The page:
Reed Johnson, ChC, OF (1%) – The Toronto castoff concluded a week in which he hit .450 (9-for-20). With Alfonso Soriano out, Johnson is starting to see at bats from the top of the order, making him at least a short-term consideration for help in batting average and runs.
Andruw Jones, LAD, OF (84%) – Jones has been on such a terrible run over the past season-plus that a week in which he raised his batting average from .100 to .169 is worth mentioning. Jones offered hopes of a turnaround with a .316 week that included two doubles, a triple and a home run. He'd hit just one extra-base hit coming into the week. He changed his batting stance earlier in the week and perhaps that will be the impetus for better things going forward.
Ervin Santana, LAA, SP (84%) – As it stands, after a 2-0, 2.40 ERA week, Ervin is the best Santana in the Y! game, edging Johan in overall rank (No. 38 to No. 42). The best part about Ervin, this season, is his 2-0 mark and 3.46 ERA on the road. He was 1-10 with an 8.38 ERA on the road last season, pretty much killing the substantial buzz he'd built up as one of the brighter young pitching prospects in the league – coming off a 16-8 season in '06. Once considered one of the top rising arms in the game, Santana is still only 25. Take the gamble if you still have the opportunity.
Randy Wolf, SD, SP (57%) – Wolf struck out seven hitters on Sunday, giving the oft-injured lefty 16 Ks in his past 13.1 IP. Arm injuries have limited Wolf to just 43 combined starts over the previous three seasons, which means he's very unlikely to hold up the entire way in '08. But until the grim reaper strikes again, don't be shy in adding Wolf. He'll provide close to a K per inning, and he benefits from a home pitcher's park in Petco, where he's yielded just five hits and one run in 13 innings this season.
John Danks, ChW, SP (2%) – After a seven-run, 2.1-inning trouncing at the hands of the Twins on April 9, Danks has reeled off 14.2 consecutive scoreless innings, picking up two wins in the process. Brad Evans thinks Danks, along with Jair Jurrjens and Scott Baker, need to be rostered in 12-team mixed leagues, but I'm little less adamant in that regard.
Gerald Laird, Tex, C (6%) – In his past eight games, Laird is just 5-for-33 (.152). And, obviously, this concerns those that still own Jarrod Saltalamacchia, or go to sleep every night with their finger on the "Add Saltalamacchia" button. With Ben Broussard hitting .173 at first base for the Rangers, you'd think that Salty's return from the minors would be imminent. His OPS currently sits at a solid .873 for Triple-A Oklahoma City. C'mon Texas, you traded Mark Teixeira for this guy. You're 7-13. You really can't afford to give him regular at bats between catcher and first base? Laird and Broussard are really what's holding things up?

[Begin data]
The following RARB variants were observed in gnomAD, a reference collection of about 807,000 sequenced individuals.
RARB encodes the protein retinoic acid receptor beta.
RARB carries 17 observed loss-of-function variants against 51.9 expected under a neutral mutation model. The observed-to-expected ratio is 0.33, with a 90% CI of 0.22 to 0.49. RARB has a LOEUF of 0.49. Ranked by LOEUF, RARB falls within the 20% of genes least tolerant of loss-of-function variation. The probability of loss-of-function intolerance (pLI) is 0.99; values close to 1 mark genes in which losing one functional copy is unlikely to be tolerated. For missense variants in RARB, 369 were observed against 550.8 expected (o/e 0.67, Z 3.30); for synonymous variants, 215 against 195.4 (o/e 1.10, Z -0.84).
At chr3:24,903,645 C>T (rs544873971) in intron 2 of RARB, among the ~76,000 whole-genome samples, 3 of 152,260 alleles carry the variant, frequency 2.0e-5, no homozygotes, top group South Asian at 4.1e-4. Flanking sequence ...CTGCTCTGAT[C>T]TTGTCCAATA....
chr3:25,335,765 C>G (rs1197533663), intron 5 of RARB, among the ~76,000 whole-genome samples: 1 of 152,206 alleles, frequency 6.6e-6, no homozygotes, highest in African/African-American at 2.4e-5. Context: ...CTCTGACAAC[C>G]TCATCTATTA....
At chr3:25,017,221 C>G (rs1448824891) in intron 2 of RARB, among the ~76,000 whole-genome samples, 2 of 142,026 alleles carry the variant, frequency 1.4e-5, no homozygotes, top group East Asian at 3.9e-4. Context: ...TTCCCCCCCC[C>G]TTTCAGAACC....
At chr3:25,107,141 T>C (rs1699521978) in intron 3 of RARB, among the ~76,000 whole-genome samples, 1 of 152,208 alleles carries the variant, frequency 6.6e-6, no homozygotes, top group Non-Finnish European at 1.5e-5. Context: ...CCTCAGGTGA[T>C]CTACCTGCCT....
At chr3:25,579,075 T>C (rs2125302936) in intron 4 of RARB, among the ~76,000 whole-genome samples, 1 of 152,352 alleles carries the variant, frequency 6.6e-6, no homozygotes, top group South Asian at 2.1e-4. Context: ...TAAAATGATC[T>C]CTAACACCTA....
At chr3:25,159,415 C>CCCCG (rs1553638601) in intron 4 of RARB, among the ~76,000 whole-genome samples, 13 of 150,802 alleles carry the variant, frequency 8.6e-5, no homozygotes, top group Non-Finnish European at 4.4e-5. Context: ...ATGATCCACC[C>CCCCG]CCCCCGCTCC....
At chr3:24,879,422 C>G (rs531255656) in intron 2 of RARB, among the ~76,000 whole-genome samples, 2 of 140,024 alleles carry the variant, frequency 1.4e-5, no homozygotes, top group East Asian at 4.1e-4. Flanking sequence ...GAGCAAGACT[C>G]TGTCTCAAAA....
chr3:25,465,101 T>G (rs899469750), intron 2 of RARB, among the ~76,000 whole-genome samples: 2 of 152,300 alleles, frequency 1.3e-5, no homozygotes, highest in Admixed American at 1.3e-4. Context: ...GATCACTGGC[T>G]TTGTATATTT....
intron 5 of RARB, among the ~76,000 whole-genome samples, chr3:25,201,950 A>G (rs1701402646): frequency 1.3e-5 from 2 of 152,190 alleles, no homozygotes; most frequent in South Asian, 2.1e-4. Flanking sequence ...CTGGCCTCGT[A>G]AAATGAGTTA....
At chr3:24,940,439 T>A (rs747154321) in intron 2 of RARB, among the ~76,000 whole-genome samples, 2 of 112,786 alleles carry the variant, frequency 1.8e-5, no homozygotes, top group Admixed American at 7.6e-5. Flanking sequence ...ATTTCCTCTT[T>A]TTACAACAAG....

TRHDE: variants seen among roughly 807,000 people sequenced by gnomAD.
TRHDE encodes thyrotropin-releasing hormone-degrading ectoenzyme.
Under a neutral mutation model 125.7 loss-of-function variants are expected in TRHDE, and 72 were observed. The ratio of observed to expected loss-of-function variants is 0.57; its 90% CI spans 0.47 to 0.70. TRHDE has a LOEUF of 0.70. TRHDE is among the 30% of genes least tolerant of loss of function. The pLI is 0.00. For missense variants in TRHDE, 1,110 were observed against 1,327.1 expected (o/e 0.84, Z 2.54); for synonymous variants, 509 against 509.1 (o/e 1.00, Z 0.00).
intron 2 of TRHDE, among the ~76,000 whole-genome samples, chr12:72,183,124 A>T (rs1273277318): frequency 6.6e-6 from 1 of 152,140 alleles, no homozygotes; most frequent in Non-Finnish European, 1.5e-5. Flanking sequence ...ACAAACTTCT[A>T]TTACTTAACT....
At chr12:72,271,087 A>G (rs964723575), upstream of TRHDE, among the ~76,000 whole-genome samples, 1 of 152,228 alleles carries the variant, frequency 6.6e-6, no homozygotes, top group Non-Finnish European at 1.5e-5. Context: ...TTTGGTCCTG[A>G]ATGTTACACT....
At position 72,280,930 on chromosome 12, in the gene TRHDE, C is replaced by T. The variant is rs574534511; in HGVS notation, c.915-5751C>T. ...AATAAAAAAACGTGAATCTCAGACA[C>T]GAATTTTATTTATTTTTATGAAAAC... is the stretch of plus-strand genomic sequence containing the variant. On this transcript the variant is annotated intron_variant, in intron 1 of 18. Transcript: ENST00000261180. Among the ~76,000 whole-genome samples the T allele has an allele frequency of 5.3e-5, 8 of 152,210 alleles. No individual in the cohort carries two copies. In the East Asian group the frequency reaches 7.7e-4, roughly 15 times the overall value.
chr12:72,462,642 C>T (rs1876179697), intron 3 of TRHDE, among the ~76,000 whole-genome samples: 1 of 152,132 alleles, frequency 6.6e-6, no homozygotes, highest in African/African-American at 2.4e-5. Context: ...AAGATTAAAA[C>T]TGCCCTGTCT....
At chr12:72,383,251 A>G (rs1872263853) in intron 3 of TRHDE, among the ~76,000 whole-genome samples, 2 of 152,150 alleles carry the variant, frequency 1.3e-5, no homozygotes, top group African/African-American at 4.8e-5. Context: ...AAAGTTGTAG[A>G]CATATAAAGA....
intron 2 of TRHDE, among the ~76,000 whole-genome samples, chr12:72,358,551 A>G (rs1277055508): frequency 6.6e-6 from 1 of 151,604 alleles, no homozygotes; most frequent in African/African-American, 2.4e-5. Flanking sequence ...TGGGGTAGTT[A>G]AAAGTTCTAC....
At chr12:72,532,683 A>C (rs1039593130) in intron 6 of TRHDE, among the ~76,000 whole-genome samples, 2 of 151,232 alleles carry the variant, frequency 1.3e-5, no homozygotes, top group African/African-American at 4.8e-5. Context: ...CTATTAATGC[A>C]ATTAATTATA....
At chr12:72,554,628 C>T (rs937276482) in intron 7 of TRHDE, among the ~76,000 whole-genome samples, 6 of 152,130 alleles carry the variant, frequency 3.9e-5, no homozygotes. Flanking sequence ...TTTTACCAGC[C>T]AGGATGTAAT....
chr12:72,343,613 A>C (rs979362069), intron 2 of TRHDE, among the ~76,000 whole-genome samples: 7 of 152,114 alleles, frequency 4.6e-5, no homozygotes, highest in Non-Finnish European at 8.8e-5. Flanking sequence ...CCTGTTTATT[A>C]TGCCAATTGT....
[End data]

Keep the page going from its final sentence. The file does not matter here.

Carlos Delgado, NYM, 1B (88%) – Delgado is in the midst of a nasty slump (one hit in his past 25 at bats). This after his OPS fell to .781 last season, the first time it's been below .900 since '97. Delgado is 35 years old and is coming off wrist and hip injuries. At this point, 88 percent ownership is probably a higher number than is justified.
Orlando Hudson, Ari, 2B (88%) – Hudson is just 5-for-31 (.161) in his past eight games, with just one extra-base hit. He's typically been a slow starter, so patience is a virtue here. But in shallow leagues, he's never offered enough fantasy upside to warrant riding out a tough spell.
Ian Kennedy, NYY, SP (22%) – Kennedy has been pretty miserable in each of his four outings. On Saturday, he allowed four runs in 2.2 innings at Baltimore, raising his ERA to 9.64. Still, he remains owned in one of every five Y! leagues. And there's at least still some reason to believe in a turnaround. His biggest issue has been the 13 walks he's issued in 14 innings pitched. But, he carried a reputation as a control pitcher coming into the season. Also, Kennedy doesn't issue many home runs – he's allowed just eight home runs in 182 professional innings, just one this season. And he has a rotation spot for the New York Yankees, a position that Hank Steinbrenner recently said he wasn't concerned about. "I think once (Phil) Hughes and Kennedy get plenty of starts … we will be fine," Steinbrenner told The New York Times. I own him in an AL-only league, and I'm not going to give up on him yet.
Edwin Jackson, TB, SP (41%) – Two starts into the season, Jackson had conjured talks of a breakout season (1 ER in 14 IP). Two starts later (11 ER in 9.1 IP), his theme song is once again Aerosmith's "Same Old Song and Dance." There's still talent here, and there's still control issues (13 BB).